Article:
- Thickened skin
That said, you need some relief! Your first measure of defense should be to wash the affected area with cool water to remove as much of the allergen as possible. Depending on your symptoms, your doctor might also recommend moisturizing creams or even prescription creams to help relieve your irritation.
How a Humidifier Can Help
One of the most common signs of an allergic eczema attack is excessive dryness. As you itch and rub the affected area to release histamines, your skin can become even drier.
This is where a humidifier can offer incredible relief.
As they're designed to put humidity back into the air, these can help moisturize your skin and help reduce the irritation you're feeling. While they cannot cure the condition or offer long-term treatment, they can help you momentarily stop itching and ease into a better night's rest.
Do Humidifiers Help With Allergies? Notes to Remember
Running your home humidifier can help alleviate a range of allergic conditions. Yet, it's important to keep it clean and well-maintained to ensure your efforts don't work against you.
When you fail to clean your humidifier on a regular basis, the moist environment in the tank can encourage the growth of bacteria, mold and other harmful microorganisms. If you then run the unit as normal, those organisms are released back into your indoor air, along with your sensitive airways.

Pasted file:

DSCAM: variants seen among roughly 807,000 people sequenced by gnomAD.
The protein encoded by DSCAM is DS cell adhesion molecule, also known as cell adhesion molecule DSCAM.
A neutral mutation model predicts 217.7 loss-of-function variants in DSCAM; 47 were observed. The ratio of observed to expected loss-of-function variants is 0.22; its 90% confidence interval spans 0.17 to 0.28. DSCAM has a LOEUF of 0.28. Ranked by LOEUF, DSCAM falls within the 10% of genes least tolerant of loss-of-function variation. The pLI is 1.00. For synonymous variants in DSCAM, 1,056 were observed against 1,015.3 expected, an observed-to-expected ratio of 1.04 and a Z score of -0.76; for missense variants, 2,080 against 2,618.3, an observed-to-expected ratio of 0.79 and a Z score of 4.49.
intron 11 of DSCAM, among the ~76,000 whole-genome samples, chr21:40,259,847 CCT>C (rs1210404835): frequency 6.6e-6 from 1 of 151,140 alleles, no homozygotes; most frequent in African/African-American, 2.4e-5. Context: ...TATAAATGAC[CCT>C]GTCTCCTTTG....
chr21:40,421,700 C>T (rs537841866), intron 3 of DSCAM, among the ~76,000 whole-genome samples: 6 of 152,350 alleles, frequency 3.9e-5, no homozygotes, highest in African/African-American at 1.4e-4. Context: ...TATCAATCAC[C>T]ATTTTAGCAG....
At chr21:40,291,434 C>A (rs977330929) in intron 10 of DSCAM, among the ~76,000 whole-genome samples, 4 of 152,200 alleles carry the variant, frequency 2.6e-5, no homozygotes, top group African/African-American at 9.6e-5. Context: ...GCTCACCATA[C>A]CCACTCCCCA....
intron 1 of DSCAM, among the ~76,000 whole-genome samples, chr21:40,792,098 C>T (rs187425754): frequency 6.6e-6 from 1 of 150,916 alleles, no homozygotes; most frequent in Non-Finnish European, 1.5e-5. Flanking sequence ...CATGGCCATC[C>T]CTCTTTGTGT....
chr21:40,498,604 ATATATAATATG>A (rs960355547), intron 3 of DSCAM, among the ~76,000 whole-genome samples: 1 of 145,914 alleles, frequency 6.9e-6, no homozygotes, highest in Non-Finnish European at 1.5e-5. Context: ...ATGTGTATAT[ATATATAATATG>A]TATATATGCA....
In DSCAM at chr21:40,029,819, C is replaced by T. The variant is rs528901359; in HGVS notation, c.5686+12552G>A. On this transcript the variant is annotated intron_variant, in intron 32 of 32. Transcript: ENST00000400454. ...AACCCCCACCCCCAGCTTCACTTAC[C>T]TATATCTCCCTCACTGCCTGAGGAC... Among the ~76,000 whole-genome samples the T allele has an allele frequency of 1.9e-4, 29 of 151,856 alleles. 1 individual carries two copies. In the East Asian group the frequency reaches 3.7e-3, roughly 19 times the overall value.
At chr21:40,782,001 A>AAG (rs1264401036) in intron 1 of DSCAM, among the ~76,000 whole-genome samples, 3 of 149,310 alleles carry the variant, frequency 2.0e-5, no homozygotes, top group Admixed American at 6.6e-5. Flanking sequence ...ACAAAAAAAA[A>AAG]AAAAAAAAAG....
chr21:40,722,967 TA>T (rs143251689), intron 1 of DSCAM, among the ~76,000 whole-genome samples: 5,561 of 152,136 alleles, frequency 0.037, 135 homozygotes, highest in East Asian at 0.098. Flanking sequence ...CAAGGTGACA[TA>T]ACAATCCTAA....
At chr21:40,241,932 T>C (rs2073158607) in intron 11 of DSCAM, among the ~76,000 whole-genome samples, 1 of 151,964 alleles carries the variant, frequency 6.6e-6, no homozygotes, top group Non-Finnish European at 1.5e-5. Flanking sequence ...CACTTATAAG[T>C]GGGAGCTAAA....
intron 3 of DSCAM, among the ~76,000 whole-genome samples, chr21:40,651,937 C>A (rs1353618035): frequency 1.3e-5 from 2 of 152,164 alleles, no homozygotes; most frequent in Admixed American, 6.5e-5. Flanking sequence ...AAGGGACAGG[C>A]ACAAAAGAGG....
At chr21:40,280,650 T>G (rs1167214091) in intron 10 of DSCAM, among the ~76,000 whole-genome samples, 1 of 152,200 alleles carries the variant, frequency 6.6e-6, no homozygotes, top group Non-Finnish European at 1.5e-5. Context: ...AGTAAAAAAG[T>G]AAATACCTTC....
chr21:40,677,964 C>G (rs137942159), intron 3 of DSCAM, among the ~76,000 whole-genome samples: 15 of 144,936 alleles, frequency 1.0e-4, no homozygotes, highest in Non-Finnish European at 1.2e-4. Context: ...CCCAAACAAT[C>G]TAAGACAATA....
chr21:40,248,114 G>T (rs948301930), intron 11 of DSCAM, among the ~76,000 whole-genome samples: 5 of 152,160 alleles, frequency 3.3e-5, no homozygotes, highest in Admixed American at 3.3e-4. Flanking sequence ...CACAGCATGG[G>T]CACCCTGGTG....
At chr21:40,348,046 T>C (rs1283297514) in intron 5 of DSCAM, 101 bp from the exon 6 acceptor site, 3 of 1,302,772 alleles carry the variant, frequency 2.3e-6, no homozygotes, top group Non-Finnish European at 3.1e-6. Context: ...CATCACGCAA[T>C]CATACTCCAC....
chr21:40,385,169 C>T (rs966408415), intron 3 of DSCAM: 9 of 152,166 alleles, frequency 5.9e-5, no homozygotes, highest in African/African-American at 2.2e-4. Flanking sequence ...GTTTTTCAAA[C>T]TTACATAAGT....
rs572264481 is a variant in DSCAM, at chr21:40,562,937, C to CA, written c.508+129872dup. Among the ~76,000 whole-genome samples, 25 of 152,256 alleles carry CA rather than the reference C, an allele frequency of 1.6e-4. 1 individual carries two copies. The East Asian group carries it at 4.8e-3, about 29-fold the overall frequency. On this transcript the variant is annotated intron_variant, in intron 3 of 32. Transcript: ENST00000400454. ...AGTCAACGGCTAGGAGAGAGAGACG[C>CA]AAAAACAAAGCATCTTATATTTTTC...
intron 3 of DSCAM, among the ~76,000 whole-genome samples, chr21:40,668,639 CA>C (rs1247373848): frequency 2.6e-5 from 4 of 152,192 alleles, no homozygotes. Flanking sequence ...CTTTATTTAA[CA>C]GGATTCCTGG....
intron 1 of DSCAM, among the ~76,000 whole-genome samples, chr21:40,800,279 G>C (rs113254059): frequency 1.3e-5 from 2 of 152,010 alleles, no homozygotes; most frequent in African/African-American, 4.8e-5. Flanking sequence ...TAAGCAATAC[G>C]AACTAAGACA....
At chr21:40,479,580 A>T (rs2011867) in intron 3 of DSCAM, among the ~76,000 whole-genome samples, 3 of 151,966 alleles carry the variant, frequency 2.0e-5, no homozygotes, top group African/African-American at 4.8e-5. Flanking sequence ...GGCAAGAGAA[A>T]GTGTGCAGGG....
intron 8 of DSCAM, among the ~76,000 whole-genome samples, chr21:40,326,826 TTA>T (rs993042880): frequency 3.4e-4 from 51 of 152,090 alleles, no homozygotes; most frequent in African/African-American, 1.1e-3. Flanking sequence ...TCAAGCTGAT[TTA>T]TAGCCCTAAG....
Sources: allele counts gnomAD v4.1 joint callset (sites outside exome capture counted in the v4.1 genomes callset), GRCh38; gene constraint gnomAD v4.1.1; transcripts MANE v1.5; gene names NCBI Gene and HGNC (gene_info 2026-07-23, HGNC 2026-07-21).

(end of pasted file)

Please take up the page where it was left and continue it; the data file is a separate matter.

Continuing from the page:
It's best to deep clean your humidifier once a week, and remember to change the water every day. In addition, the following best practices can help keep your unit as sanitary and fresh as possible:
- Use demineralized or distilled water, not tap water
- Clean off any mineralized crusts
- Change the filter weekly (if applicable)
- Use natural cleansers (vinegar) rather than chemicals (bleach)
Especially if you have an allergic reaction to dust mites or mold, a humidifier can make your symptoms worse if you become lax on your upkeep. As long as you keep up with these steps, you can use your system to your advantage and experience much-deserved relief.
Invest in a Home Humidifier for Allergy Relief
There are many important investments you'll make as a homeowner. A humidifier should be one of them.
Do humidifiers help with allergies? Yes, as long as you use them correctly.
Whether you suffer from seasonal allergies, sinus infections, asthma, eczema or a combination of these conditions, this machine can help.
When the air around you is filled with soothing water vapor, many of your most irritating allergic reactions can experience quick relief. Your itchy eyes become moist again, your skin is soothed and your nasal passages can flow normally again.
If you're tired of suffering from allergies, your doctor can help put you on a path toward long-term treatment. At home, a humidifier can be an excellent addition to that plan.
Looking for other products designed to make your home as comfortable as possible? Feel free to check out our full selection online. If you have any questions, reach out to us and let's connect.